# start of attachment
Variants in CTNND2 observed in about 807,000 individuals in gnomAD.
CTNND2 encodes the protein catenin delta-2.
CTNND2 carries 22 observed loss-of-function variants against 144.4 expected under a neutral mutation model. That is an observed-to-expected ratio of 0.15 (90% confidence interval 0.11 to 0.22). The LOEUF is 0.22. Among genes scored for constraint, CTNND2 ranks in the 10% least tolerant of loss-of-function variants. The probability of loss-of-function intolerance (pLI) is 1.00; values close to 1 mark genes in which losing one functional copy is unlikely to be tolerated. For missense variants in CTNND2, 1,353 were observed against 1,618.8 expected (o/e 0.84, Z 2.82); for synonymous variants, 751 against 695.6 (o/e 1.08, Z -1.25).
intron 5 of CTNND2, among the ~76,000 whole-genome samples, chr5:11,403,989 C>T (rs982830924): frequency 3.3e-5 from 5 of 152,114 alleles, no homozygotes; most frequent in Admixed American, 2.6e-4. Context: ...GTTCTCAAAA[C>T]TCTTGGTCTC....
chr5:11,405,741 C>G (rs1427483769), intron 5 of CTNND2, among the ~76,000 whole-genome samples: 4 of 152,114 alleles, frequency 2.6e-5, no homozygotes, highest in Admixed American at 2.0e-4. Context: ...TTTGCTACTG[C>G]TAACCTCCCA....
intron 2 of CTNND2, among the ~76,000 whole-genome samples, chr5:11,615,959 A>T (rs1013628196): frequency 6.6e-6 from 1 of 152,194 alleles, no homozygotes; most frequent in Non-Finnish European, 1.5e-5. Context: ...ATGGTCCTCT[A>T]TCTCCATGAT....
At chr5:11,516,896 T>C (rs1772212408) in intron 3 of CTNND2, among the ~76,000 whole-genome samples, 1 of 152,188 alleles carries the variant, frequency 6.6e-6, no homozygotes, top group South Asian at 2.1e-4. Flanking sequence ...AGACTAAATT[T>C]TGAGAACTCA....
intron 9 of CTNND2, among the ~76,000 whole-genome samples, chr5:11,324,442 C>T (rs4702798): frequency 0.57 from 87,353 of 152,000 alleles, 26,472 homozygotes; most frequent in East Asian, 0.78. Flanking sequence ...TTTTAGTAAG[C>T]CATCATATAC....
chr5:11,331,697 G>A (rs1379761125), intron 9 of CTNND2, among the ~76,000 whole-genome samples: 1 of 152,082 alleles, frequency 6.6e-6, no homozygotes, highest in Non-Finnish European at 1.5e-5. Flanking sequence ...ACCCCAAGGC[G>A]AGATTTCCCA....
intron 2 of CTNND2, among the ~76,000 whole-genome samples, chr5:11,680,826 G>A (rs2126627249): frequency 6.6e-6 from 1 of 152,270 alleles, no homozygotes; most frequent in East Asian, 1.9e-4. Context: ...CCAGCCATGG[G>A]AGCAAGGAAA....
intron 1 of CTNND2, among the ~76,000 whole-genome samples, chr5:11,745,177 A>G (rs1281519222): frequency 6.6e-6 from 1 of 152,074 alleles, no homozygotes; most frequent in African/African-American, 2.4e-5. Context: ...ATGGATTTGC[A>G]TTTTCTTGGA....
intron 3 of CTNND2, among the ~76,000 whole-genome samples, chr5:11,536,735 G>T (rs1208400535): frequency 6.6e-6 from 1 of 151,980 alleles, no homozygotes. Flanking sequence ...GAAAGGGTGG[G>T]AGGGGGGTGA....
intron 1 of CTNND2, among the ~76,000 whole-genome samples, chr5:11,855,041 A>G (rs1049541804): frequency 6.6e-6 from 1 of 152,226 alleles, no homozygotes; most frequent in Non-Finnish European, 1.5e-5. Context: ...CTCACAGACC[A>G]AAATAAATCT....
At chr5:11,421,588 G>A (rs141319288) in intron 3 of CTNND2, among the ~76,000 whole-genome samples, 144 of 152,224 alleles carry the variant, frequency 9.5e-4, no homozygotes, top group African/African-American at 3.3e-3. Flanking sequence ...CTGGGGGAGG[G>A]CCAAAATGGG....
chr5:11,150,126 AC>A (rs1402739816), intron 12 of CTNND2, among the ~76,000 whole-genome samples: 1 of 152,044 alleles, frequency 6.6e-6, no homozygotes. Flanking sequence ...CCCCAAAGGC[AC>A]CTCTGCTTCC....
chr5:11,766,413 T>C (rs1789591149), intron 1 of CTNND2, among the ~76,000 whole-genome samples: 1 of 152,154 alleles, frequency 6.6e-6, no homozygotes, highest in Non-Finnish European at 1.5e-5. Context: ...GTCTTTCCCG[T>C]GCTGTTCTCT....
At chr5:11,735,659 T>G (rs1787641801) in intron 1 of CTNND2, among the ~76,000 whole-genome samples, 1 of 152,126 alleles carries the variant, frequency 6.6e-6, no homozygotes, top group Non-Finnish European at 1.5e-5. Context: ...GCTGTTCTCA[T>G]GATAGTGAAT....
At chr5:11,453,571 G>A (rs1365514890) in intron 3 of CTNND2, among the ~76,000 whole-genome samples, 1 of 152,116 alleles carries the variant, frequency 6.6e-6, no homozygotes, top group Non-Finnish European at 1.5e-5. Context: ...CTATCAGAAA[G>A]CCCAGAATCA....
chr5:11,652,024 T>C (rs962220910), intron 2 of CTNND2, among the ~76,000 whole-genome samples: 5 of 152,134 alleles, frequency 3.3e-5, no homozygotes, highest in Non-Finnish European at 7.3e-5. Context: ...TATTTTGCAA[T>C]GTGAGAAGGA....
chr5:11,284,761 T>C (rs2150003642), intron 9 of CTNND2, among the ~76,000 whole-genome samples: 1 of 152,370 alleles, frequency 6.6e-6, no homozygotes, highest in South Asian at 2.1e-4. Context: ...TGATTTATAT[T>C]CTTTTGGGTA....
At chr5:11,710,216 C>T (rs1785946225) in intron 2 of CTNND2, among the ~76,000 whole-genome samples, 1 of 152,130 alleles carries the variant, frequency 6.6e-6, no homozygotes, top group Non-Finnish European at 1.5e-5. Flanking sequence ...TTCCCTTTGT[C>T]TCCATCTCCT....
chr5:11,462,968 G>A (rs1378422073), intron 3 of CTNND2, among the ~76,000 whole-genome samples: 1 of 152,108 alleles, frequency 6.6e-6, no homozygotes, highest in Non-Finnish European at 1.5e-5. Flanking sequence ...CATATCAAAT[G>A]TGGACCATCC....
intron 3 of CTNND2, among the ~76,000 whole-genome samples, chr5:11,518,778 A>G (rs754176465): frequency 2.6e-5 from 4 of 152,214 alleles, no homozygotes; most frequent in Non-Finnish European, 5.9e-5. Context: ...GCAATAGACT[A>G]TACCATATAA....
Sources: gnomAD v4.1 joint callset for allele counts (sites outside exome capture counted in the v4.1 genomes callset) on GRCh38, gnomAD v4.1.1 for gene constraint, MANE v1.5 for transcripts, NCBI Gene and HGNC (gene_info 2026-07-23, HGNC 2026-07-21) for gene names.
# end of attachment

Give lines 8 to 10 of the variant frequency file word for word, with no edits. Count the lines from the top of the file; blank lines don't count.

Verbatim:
intron 9 of CTNND2, among the ~76,000 whole-genome samples, chr5:11,324,442 C>T (rs4702798): frequency 0.57 from 87,353 of 152,000 alleles, 26,472 homozygotes; most frequent in East Asian, 0.78. Flanking sequence ...TTTTAGTAAG[C>T]CATCATATAC....
chr5:11,331,697 G>A (rs1379761125), intron 9 of CTNND2, among the ~76,000 whole-genome samples: 1 of 152,082 alleles, frequency 6.6e-6, no homozygotes, highest in Non-Finnish European at 1.5e-5. Flanking sequence ...ACCCCAAGGC[G>A]AGATTTCCCA....
intron 2 of CTNND2, among the ~76,000 whole-genome samples, chr5:11,680,826 G>A (rs2126627249): frequency 6.6e-6 from 1 of 152,270 alleles, no homozygotes; most frequent in East Asian, 1.9e-4. Context: ...CCAGCCATGG[G>A]AGCAAGGAAA....